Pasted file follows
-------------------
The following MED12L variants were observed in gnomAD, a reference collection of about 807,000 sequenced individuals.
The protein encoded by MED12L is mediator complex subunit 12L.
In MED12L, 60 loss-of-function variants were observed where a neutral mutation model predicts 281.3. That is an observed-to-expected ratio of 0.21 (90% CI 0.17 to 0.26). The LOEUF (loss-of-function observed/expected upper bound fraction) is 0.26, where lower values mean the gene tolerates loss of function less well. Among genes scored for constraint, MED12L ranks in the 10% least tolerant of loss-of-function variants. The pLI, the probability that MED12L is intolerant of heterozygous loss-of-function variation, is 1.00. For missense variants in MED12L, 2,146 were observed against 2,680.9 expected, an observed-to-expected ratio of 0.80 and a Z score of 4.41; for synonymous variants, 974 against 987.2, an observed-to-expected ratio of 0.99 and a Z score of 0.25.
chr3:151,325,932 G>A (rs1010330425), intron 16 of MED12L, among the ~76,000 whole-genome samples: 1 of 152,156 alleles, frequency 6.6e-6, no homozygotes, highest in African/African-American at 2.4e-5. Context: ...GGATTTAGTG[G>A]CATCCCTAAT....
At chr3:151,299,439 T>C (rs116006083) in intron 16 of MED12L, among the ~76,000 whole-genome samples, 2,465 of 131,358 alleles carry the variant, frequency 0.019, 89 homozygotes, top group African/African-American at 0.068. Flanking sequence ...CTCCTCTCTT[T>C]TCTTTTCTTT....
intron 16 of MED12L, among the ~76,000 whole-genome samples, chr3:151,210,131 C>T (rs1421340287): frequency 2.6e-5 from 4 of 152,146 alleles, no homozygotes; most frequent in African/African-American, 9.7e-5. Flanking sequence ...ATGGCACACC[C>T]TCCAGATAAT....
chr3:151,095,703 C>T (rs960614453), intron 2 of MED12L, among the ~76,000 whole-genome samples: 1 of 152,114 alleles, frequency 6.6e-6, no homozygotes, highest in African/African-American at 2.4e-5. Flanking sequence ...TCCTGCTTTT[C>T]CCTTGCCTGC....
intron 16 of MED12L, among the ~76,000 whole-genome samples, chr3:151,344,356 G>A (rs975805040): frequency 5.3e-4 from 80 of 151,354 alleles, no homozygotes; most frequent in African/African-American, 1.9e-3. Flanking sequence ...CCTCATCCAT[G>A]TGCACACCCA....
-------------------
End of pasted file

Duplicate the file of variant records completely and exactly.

The following MED12L variants were observed in gnomAD, a reference collection of about 807,000 sequenced individuals.
The protein encoded by MED12L is mediator complex subunit 12L.
In MED12L, 60 loss-of-function variants were observed where a neutral mutation model predicts 281.3. That is an observed-to-expected ratio of 0.21 (90% CI 0.17 to 0.26). The LOEUF (loss-of-function observed/expected upper bound fraction) is 0.26, where lower values mean the gene tolerates loss of function less well. Among genes scored for constraint, MED12L ranks in the 10% least tolerant of loss-of-function variants. The pLI, the probability that MED12L is intolerant of heterozygous loss-of-function variation, is 1.00. For missense variants in MED12L, 2,146 were observed against 2,680.9 expected, an observed-to-expected ratio of 0.80 and a Z score of 4.41; for synonymous variants, 974 against 987.2, an observed-to-expected ratio of 0.99 and a Z score of 0.25.
chr3:151,325,932 G>A (rs1010330425), intron 16 of MED12L, among the ~76,000 whole-genome samples: 1 of 152,156 alleles, frequency 6.6e-6, no homozygotes, highest in African/African-American at 2.4e-5. Context: ...GGATTTAGTG[G>A]CATCCCTAAT....
At chr3:151,299,439 T>C (rs116006083) in intron 16 of MED12L, among the ~76,000 whole-genome samples, 2,465 of 131,358 alleles carry the variant, frequency 0.019, 89 homozygotes, top group African/African-American at 0.068. Flanking sequence ...CTCCTCTCTT[T>C]TCTTTTCTTT....
intron 16 of MED12L, among the ~76,000 whole-genome samples, chr3:151,210,131 C>T (rs1421340287): frequency 2.6e-5 from 4 of 152,146 alleles, no homozygotes; most frequent in African/African-American, 9.7e-5. Flanking sequence ...ATGGCACACC[C>T]TCCAGATAAT....
chr3:151,095,703 C>T (rs960614453), intron 2 of MED12L, among the ~76,000 whole-genome samples: 1 of 152,114 alleles, frequency 6.6e-6, no homozygotes, highest in African/African-American at 2.4e-5. Flanking sequence ...TCCTGCTTTT[C>T]CCTTGCCTGC....
intron 16 of MED12L, among the ~76,000 whole-genome samples, chr3:151,344,356 G>A (rs975805040): frequency 5.3e-4 from 80 of 151,354 alleles, no homozygotes; most frequent in African/African-American, 1.9e-3. Flanking sequence ...CCTCATCCAT[G>A]TGCACACCCA....